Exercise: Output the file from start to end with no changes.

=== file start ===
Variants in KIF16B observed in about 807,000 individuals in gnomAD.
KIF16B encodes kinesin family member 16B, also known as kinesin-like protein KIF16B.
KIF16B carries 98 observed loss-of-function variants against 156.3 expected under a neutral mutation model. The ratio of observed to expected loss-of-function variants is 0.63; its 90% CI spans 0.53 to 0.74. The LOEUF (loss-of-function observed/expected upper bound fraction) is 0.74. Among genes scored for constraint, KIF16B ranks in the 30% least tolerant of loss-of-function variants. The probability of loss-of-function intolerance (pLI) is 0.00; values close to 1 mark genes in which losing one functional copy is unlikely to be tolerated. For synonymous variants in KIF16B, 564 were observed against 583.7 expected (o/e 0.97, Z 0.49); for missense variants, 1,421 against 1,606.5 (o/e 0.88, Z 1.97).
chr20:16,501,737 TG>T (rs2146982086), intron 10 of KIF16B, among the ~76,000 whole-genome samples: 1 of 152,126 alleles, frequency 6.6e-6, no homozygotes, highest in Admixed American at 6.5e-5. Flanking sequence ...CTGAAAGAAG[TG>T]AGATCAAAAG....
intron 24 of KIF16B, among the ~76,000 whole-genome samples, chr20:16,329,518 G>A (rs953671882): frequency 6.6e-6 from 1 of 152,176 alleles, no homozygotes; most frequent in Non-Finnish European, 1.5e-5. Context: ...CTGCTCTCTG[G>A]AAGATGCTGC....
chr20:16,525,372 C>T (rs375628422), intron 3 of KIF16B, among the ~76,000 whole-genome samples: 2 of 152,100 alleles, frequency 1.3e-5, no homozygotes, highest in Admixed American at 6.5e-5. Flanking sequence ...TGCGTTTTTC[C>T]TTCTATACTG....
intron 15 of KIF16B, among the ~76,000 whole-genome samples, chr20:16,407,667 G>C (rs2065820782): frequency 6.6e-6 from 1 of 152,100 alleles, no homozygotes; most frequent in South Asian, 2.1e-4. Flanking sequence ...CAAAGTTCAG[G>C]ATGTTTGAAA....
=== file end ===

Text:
Variants in KIF16B observed in about 807,000 individuals in gnomAD.
KIF16B encodes kinesin family member 16B, also known as kinesin-like protein KIF16B.
KIF16B carries 98 observed loss-of-function variants against 156.3 expected under a neutral mutation model. The ratio of observed to expected loss-of-function variants is 0.63; its 90% CI spans 0.53 to 0.74. The LOEUF (loss-of-function observed/expected upper bound fraction) is 0.74. Among genes scored for constraint, KIF16B ranks in the 30% least tolerant of loss-of-function variants. The probability of loss-of-function intolerance (pLI) is 0.00; values close to 1 mark genes in which losing one functional copy is unlikely to be tolerated. For synonymous variants in KIF16B, 564 were observed against 583.7 expected (o/e 0.97, Z 0.49); for missense variants, 1,421 against 1,606.5 (o/e 0.88, Z 1.97).
chr20:16,501,737 TG>T (rs2146982086), intron 10 of KIF16B, among the ~76,000 whole-genome samples: 1 of 152,126 alleles, frequency 6.6e-6, no homozygotes, highest in Admixed American at 6.5e-5. Flanking sequence ...CTGAAAGAAG[TG>T]AGATCAAAAG....
intron 24 of KIF16B, among the ~76,000 whole-genome samples, chr20:16,329,518 G>A (rs953671882): frequency 6.6e-6 from 1 of 152,176 alleles, no homozygotes; most frequent in Non-Finnish European, 1.5e-5. Context: ...CTGCTCTCTG[G>A]AAGATGCTGC....
chr20:16,525,372 C>T (rs375628422), intron 3 of KIF16B, among the ~76,000 whole-genome samples: 2 of 152,100 alleles, frequency 1.3e-5, no homozygotes, highest in Admixed American at 6.5e-5. Flanking sequence ...TGCGTTTTTC[C>T]TTCTATACTG....
intron 15 of KIF16B, among the ~76,000 whole-genome samples, chr20:16,407,667 G>C (rs2065820782): frequency 6.6e-6 from 1 of 152,100 alleles, no homozygotes; most frequent in South Asian, 2.1e-4. Flanking sequence ...CAAAGTTCAG[G>C]ATGTTTGAAA....